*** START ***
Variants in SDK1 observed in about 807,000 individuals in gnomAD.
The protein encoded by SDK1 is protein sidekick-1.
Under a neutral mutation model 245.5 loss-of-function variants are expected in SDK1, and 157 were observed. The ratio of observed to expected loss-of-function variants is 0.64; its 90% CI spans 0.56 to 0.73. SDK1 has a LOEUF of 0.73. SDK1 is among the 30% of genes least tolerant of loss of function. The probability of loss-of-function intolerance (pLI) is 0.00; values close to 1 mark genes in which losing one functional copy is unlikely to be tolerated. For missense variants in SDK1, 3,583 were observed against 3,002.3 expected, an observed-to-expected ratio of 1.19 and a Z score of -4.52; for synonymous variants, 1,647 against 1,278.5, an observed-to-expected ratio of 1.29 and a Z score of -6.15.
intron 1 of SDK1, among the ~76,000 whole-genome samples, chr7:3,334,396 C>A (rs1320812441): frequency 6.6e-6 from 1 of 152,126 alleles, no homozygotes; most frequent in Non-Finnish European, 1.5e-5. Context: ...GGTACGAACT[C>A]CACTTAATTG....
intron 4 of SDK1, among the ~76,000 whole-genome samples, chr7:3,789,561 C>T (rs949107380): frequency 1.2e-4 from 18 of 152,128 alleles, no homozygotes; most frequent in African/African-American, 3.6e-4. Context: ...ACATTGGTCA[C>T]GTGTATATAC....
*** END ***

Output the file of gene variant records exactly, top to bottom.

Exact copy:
Variants in SDK1 observed in about 807,000 individuals in gnomAD.
The protein encoded by SDK1 is protein sidekick-1.
Under a neutral mutation model 245.5 loss-of-function variants are expected in SDK1, and 157 were observed. The ratio of observed to expected loss-of-function variants is 0.64; its 90% CI spans 0.56 to 0.73. SDK1 has a LOEUF of 0.73. SDK1 is among the 30% of genes least tolerant of loss of function. The probability of loss-of-function intolerance (pLI) is 0.00; values close to 1 mark genes in which losing one functional copy is unlikely to be tolerated. For missense variants in SDK1, 3,583 were observed against 3,002.3 expected, an observed-to-expected ratio of 1.19 and a Z score of -4.52; for synonymous variants, 1,647 against 1,278.5, an observed-to-expected ratio of 1.29 and a Z score of -6.15.
intron 1 of SDK1, among the ~76,000 whole-genome samples, chr7:3,334,396 C>A (rs1320812441): frequency 6.6e-6 from 1 of 152,126 alleles, no homozygotes; most frequent in Non-Finnish European, 1.5e-5. Context: ...GGTACGAACT[C>A]CACTTAATTG....
intron 4 of SDK1, among the ~76,000 whole-genome samples, chr7:3,789,561 C>T (rs949107380): frequency 1.2e-4 from 18 of 152,128 alleles, no homozygotes; most frequent in African/African-American, 3.6e-4. Context: ...ACATTGGTCA[C>T]GTGTATATAC....